30 MINDING THE HELM port's advice will be applied. Building on this foundation, the report discusses the ability of the system to conduct planning, operations, management, adminis- tration, and research activities, and implications of those findings. PILOTAGE Since the early days of marine navigation, vessels entering or leaving port, or navigating other hazardous waters, have been guided by pilots possessing a thorough knowledge of local currents, tides, rocks, shoals, weather, and other conditions. The skill and care of the pilot are vitally important for the safe pas- sage of vessels, for the safety of lives and cargo, and as means to protect the port and the marine environment. Today, as in the past, vessels normally are required by maritime countries to engage independent marine pilots when entering or leaving ports or piloting waters. Piloting demands more than guiding a passage through a particular water- way; it requires a diverse mix of navigation and shiphandling skills (Armstrong, .... Modern car carrier westbound in Chesapeake and Delaware (C & D) Canal. Car carrier superstructures have large wind catch areas. Wind effects must be compensated for dur- ing transits. Additional tug assistance may be required for some maneuvering evolutions in restricted shallow waters. (Wendy Mitman Clarke, Soundings)

OCR for page 25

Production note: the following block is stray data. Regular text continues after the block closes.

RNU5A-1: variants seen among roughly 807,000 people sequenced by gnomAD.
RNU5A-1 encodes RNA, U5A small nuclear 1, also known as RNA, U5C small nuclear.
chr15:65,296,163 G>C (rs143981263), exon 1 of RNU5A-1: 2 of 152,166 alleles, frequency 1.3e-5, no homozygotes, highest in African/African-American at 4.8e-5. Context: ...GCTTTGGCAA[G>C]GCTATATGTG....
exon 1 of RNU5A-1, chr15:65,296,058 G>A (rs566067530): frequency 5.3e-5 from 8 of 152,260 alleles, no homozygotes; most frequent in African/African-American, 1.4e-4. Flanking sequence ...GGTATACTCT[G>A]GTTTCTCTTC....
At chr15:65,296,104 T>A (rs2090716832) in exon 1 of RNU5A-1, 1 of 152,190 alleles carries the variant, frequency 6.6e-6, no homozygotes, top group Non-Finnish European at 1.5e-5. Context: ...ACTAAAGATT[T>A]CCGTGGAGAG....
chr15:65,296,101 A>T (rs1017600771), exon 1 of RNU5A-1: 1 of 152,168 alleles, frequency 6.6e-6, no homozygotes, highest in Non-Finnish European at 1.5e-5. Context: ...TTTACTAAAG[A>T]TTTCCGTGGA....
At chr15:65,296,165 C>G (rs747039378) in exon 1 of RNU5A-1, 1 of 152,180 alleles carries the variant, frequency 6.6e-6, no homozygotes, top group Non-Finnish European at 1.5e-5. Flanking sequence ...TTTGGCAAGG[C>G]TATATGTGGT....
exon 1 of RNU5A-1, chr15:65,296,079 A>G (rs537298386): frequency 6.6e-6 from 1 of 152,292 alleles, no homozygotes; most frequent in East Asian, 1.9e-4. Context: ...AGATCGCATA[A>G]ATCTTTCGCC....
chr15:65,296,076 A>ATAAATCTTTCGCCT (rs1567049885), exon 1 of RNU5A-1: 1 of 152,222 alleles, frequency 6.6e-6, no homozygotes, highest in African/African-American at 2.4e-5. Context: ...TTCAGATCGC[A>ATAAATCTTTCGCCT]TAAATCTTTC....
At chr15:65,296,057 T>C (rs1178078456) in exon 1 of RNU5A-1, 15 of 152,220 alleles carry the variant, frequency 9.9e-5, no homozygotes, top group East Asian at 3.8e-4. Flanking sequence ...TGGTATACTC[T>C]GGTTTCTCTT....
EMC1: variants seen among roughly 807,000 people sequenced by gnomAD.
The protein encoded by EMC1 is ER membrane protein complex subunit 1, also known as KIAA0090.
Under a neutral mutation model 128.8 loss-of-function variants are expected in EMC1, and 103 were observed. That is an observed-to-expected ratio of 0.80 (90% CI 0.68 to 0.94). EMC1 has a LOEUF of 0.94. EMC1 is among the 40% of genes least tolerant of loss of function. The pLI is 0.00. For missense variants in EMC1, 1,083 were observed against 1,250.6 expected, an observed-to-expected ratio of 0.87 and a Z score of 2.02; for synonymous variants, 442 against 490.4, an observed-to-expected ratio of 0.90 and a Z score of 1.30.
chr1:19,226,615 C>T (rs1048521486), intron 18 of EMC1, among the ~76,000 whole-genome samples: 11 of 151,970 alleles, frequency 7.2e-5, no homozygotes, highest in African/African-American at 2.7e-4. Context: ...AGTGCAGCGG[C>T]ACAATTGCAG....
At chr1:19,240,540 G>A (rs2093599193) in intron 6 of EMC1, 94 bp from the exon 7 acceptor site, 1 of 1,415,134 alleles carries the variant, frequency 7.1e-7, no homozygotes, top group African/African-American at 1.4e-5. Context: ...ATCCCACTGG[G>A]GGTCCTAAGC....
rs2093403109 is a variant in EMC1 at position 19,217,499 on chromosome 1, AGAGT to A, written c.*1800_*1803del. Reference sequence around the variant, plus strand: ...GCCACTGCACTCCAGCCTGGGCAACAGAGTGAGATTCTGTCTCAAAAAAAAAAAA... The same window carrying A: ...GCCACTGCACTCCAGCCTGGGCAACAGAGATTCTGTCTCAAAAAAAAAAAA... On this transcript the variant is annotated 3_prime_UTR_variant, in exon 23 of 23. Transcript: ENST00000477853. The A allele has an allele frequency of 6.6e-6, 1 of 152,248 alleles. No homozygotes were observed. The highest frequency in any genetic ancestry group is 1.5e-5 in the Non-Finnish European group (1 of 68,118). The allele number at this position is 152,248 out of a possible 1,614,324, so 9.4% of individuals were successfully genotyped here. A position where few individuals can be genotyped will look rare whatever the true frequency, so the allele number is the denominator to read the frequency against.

THE MARINE NAVIGATION AND PILOTING SYSTEM 31 1980; Hofstee, 1991; MacElrevey, 1988; Plummer, 1966~. In practice, a pilot serves as an expert advisor to the vessel's basic navigation complement and performs navigation and piloting functions. The pilot determines when and where to turn, as well as when and how to execute the necessary maneuvers. The pilot also provides a traffic management function by coordinating traffic queues, hor- izontal separation between vessels, and arrangements for meeting and overtaking other traffic. Pilots are also responsible for maneuvering different types of ships with different degrees of maneuverability. Considerable skill is needed to compensate for variations in vessel behavior, even between sister ships. Variations in maneu- verability result from factors such as differences in hull form, propulsion and steering equipment responsiveness, and loading. Pilot skills include the ability to anticipate and respond to the varying intensities of vessel reactions, particularly with regard to the effects of shallow water and small under-keel clearances (Arm- strong, 1980; Gates, 1989; Hooyer, 1983; MacElrevey, 1988; Plummer, 1966; Reid, 1986). Although a ship's captain is always responsible for safe navigation of the vessel (with few exceptions, such as the Panama Canal, where responsibility for navigation devolves to the Panama Canal pilot tMacElrevey, 1988; Parks, 19821), ship navigation in piloting waters depends increasingly on the attentiveness and skills of marine pilots (Armstrong, 1980; Cahill, 1983, 1985; MacElrevey, 1988; Meurn, 1990~. Where pilotage is compulsory, a marine pilot normally has imme- diate charge of a vessel's navigation. In ports where pilotage is not mandated and marine pilots have a reputation for competence and proficiency, similar levels of control normally are exercised (Armstrong, 1980; Cahill, 1985; MacEl- revey, 1988; Meurn, 1990; Nautical Institute, 1991a; Parks, 1982~. Thus, in sim- ple terms, as the vessel nears or operates in a port, navigation decisions rely on the expert knowledge of the pilot. In the absence of an independent marine pilot, a ship's officer would perform the same functions, but would usually lack an equivalent level of familiarity with local operating conditions. Automated pilot- ing expert systems (that is, artificial intelligence decision aids) are under devel- opment, ostensibly to supplement but not to supplant piloting expertise (Grabowski and Sanborn, 1992; Grabowski and Wallace, 1993~. In the United States, responsibility for regulating pilotage for vessels in foreign and coastwise trades is shared between federal and state authorities. Pilotage for vessels operating solely on inland waters is not regulated per se, although some inland passenger vessels are required to have federally licensed pilots under current manning laws (46 U.S.C. 8101) and regulations. Insuring that pilots are competent in their trade is a complex challenge for governing authorities, pilot associations, and operating companies. To compound the challenge, applicants for pilot's licenses arrive with many different levels of nautical experience. They may be graduates of maritime schools, ship masters, ships' officers, ferry operators, tug masters or mates, or veterans of Navy or